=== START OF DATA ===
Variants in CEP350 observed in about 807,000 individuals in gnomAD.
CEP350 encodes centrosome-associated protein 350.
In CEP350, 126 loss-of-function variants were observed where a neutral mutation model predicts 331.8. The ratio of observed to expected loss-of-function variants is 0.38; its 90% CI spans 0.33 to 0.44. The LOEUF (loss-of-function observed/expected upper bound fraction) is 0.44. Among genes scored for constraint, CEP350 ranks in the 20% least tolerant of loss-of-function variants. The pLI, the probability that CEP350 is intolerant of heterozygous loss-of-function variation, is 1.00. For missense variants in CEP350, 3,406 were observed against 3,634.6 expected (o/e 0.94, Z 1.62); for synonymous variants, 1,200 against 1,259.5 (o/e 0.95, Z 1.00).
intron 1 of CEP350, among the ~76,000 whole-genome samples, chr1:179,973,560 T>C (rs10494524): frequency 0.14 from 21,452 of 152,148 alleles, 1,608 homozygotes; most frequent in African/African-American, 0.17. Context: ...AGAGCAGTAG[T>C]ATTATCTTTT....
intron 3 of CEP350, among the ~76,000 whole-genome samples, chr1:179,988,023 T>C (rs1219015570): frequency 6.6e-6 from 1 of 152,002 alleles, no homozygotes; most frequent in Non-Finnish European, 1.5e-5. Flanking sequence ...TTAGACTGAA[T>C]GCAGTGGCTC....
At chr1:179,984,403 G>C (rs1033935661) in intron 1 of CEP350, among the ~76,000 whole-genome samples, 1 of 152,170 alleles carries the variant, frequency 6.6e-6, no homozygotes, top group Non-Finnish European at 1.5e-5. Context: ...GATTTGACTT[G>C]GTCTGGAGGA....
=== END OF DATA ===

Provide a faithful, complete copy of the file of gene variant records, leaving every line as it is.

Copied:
Variants in CEP350 observed in about 807,000 individuals in gnomAD.
CEP350 encodes centrosome-associated protein 350.
In CEP350, 126 loss-of-function variants were observed where a neutral mutation model predicts 331.8. The ratio of observed to expected loss-of-function variants is 0.38; its 90% CI spans 0.33 to 0.44. The LOEUF (loss-of-function observed/expected upper bound fraction) is 0.44. Among genes scored for constraint, CEP350 ranks in the 20% least tolerant of loss-of-function variants. The pLI, the probability that CEP350 is intolerant of heterozygous loss-of-function variation, is 1.00. For missense variants in CEP350, 3,406 were observed against 3,634.6 expected (o/e 0.94, Z 1.62); for synonymous variants, 1,200 against 1,259.5 (o/e 0.95, Z 1.00).
intron 1 of CEP350, among the ~76,000 whole-genome samples, chr1:179,973,560 T>C (rs10494524): frequency 0.14 from 21,452 of 152,148 alleles, 1,608 homozygotes; most frequent in African/African-American, 0.17. Context: ...AGAGCAGTAG[T>C]ATTATCTTTT....
intron 3 of CEP350, among the ~76,000 whole-genome samples, chr1:179,988,023 T>C (rs1219015570): frequency 6.6e-6 from 1 of 152,002 alleles, no homozygotes; most frequent in Non-Finnish European, 1.5e-5. Flanking sequence ...TTAGACTGAA[T>C]GCAGTGGCTC....
At chr1:179,984,403 G>C (rs1033935661) in intron 1 of CEP350, among the ~76,000 whole-genome samples, 1 of 152,170 alleles carries the variant, frequency 6.6e-6, no homozygotes, top group Non-Finnish European at 1.5e-5. Context: ...GATTTGACTT[G>C]GTCTGGAGGA....